The 1990 Augustine Commission Revisited

Editor's note: I thought it would be a good time to revisit the "Report of the Advisory Committee On the Future of the U.S. Space Program" or the 1990 "Augustine Commission" as it was called. (Report as PDF | HTML and Shuttle-C Users Conference Executive Summary PDF)

Below and continued on the next page you'll find some relevant references to the 1990 report. 19 Years after the report was released Augustine is now chairing the Human Space Flight Panel. A lot has changed in the last 19 years. What lessons have we learned that relate to the 1990 report and the current blue ribbon panel?

Weaning NASA From the Shuttle: Old Ideas Revived, New York Times (Dec. 18, 1990)

"The large rocket was recommended last week by an expert panel headed by Norman R. Augustine, chairman of the Martin Marietta Corporation. Leading candidates for the booster are a cargo-only variation of the space shuttle called Shuttle-C and the Advanced Launch System, or ALS, a joint NASA-Air Force project envisioned as a system for assembling various-size rockets from modular components.

Almost three years ago, NASA proposed building Shuttle-C to serve as its so-called heavy-lift vehicle. The idea involved a cargo module, a wingless, crewless version of the shuttle, powered by the shuttle's liquid-fueled engines and clamped to the giant fuel tank and solid rocket boosters used by the shuttle. But Congress refused to appropriate funds."

- More on the Shuttle-C at Astronautix
- More on the ALS at Astronautix

Here's a portion that relates to space transportation systems from the Augustine Commission.

"The first goal for a new Expendable Launch Vehicle (ELV) system should be to augment support of the Space Station. While the Shuttle might carry out some early Space Station deployment, alternative transportation should significantly reduce the cost and risk of that program. The time to make a commitment to this end is now, for the longer the nation delays the building of a new launch system, the greater is the risk that it will embark upon a space station and a subsequent manned exploration program that eventually could prove unsupportable.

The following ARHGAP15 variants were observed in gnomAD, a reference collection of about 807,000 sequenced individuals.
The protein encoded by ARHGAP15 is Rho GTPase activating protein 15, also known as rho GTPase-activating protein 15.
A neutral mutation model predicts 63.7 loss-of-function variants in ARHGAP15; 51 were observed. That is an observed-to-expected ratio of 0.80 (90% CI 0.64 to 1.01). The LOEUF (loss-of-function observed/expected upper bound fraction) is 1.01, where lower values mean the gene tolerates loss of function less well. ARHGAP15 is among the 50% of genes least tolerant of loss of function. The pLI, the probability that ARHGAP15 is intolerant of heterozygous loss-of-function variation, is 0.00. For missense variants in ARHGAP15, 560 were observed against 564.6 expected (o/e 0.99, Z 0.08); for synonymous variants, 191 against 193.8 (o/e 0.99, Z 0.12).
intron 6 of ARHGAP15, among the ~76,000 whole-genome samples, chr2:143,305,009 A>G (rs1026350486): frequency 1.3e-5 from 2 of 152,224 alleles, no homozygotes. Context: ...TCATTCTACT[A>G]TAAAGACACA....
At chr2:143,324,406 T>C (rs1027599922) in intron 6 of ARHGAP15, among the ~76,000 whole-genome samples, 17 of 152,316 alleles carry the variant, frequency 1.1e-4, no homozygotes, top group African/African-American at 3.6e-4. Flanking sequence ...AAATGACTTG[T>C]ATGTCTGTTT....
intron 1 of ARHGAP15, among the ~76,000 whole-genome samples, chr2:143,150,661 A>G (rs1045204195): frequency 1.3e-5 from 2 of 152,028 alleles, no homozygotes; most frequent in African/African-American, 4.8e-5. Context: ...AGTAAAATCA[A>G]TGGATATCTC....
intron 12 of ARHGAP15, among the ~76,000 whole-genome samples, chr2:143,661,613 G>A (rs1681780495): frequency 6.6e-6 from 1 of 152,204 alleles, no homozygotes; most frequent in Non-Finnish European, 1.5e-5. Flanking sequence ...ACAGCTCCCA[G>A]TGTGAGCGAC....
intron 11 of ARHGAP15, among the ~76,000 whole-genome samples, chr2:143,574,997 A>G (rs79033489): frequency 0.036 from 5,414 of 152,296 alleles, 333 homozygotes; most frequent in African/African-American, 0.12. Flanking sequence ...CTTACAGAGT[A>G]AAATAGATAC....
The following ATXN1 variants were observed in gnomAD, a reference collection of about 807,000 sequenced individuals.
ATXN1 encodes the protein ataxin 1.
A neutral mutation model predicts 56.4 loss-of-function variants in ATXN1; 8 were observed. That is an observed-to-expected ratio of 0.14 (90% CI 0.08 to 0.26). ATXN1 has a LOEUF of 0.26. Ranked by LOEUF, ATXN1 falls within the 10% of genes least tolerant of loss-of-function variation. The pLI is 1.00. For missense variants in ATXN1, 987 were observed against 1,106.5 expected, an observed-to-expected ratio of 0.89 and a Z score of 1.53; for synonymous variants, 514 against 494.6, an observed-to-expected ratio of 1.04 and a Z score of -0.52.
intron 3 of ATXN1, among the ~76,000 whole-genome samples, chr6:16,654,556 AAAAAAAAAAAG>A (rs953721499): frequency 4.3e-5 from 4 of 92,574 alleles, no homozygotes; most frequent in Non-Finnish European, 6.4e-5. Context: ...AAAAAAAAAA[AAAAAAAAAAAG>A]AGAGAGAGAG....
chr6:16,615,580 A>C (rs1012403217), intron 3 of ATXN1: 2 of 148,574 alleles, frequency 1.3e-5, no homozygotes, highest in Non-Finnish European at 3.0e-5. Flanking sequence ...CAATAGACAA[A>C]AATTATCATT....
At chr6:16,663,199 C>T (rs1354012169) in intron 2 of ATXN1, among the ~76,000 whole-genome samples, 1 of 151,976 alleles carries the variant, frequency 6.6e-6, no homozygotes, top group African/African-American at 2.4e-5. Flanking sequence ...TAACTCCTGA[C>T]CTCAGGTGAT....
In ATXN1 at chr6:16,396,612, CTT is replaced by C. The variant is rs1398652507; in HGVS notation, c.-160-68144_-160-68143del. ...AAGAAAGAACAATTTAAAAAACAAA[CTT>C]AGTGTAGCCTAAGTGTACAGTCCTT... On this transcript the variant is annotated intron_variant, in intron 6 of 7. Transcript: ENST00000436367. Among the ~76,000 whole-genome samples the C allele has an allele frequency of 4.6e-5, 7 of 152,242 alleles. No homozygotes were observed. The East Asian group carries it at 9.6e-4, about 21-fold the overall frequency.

There is a range of choices available for a heavy lift vehicle (circa 150,000 pounds to near-Earth orbit). One candidate would be some form of a Space Shuttle-derived ELV, but there are others. At the extremes, a dilemma lies in choosing between starting the heavy lift system design from a "clean sheet," or selecting a design closely related to the current Shuttle (e.g., a Shuttle-C). The later provides an earlier capability with less initial cost, but the former provides an opportunity for the revolutionary design of a completely new launch system incorporating up-to-date propulsion and support system technology. Assessment of the economics, the lack of firm Department of Defense requirements, the need to further define lunar/Mars payloads, the status of advanced launch system technologies, and long propulsion lead times are all important considerations as the choices are weighed.

On balance, the Committee concludes that the prudent choice -- with an eye toward both the Space Station and the long view -- is an approach that begins with a new ELV system that meets the following criteria:

- Operational capability must be achieved in time to support at least the latter stages of Space Station deployment and relieve its Shuttle dependence as soon as feasible.

- Launch support manpower must be reduced.

- Provision should be made for updating with new components as they become available from the joint NASA-DOD Advanced Launch System (ALS) technology development. In particular, the Space Transportation Main Engine should be introduced into the new launch system at the earliest appropriate time.

This should be the first phase of a continuing effort to upgrade Earth-to- orbit transportation. Some time hence, further advancements in lift capability can be achieved when justified by requirements and technical developments. In particular, this second phase should involve ongoing application of technologies developed in the ALS program, and should lead to the design of an advanced launch vehicle and support system of enhanced efficiency and reliability."

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This page contains a single entry by Marc Boucher published on May 25, 2009 9:20 PM.

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